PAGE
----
Now I’m not a big proponent of video games or anything (And trust me, Temple Run is not paying me any commission either), but I find myself reflecting on this experience, and realizing, Didn’t he just learn about not giving up, taking calculated risks, and focusing on what’s truly important? I wonder if it would have been possible to teach him all this, if it had not been for the stimulating environment of the video game.

More importantly, what chance do my sermonizing nags have against these entertaining mediums he’s learning from!

So here’s my tip #1 for all the new-age parents: Teaching cannot be banal anymore. Either be entertaining, or be forgotten. I say, start looking for animation and speech modulation workshops, if you remotely aspire to impart any of your life learning to your children.

Consequently, new-age parenting tip # 2 is: Make peace with the fact that your children are learning some good positive things from their environment and the resources at their disposal, however eerie they may seem to you.  (And if you cannot figure out what these good positive things are, you’re not thinking hard enough!)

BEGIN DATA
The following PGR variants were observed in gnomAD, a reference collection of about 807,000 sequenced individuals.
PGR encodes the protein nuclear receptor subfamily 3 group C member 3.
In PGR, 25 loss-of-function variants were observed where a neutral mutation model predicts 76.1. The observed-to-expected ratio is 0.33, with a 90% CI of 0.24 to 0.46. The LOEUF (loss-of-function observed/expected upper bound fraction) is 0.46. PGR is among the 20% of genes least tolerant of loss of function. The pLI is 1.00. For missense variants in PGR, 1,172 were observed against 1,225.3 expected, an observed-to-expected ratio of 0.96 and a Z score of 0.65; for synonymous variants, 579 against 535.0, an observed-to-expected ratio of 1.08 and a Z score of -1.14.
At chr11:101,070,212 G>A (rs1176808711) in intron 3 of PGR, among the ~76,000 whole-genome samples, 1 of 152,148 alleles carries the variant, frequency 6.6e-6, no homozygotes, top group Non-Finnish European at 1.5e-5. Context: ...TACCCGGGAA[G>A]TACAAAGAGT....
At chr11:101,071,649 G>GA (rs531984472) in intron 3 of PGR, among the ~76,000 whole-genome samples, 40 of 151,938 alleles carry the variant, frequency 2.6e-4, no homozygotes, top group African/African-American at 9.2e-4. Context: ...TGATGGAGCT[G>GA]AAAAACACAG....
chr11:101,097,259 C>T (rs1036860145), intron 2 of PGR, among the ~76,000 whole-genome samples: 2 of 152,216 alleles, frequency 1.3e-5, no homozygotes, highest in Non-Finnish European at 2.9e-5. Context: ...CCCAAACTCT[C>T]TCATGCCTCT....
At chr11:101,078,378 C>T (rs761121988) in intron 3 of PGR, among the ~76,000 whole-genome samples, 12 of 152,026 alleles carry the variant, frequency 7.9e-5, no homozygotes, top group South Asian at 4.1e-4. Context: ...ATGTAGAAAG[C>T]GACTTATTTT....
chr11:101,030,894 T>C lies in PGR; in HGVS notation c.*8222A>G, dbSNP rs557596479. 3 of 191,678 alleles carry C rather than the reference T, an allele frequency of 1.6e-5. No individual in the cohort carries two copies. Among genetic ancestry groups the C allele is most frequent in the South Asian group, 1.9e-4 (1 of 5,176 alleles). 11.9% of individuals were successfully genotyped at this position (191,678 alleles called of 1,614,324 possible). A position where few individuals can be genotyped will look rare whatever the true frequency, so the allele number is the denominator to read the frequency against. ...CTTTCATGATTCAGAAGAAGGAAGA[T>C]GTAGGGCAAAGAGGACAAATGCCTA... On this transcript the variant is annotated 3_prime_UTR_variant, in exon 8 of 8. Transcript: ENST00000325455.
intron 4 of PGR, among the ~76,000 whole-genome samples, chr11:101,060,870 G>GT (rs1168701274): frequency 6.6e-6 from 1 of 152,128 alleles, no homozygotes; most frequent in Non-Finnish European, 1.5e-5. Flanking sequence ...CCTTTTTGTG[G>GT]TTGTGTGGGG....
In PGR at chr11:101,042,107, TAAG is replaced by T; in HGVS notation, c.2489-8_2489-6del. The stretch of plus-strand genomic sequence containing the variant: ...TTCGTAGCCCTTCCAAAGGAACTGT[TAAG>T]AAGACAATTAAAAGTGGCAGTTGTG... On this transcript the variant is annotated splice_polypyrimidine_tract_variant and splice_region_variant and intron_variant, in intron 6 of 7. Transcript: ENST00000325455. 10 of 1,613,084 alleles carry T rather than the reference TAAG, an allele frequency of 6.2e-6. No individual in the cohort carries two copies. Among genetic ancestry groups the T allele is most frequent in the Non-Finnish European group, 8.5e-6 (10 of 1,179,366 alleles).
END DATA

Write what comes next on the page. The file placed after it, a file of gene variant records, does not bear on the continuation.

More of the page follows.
By the way, energized by his valor, I decided to try my hand at Temple Running. I gave up after 12,455. I guess it requires focus and commitment. Wish I’d learnt that from him!

Here’s my last tip on new-age parenting:  Ask not what you’ve taught your children. Ask instead what have you learnt from your children!

Sunday, July 1, 2012

My French (Hair) Affair


“Need an appointment for a haircut,” said I. “With whom? M’am,” bounced back the alluring voice. “Well, Who do you have available?” “You are in luck today, M’am. Our French Hairstyle Director, Laurent is available, if you can make it at noon.”

Hmm...a French Stylist! 

Just like a French kiss, the thought of a French hairstyle conjured up images of passion, style, romance and…Eiffel tower (There goes my Indian stereotyping self. Anything French = Eiffel tower!). But then came the fear of the unknown. No doubt, the risk (of going with a new hairstylist) was significant.  I’m past that age where a hair style could be treated as a fleeting crush. Well, it is a serious affair! A hair style is a matter of personal identity or crisis (if it goes wrong. i.e.).  Now it may be hard for men to understand this mental turmoil. So let me put it this way: For a woman, her hair style is as grave a matter as a man deciding what company to work for.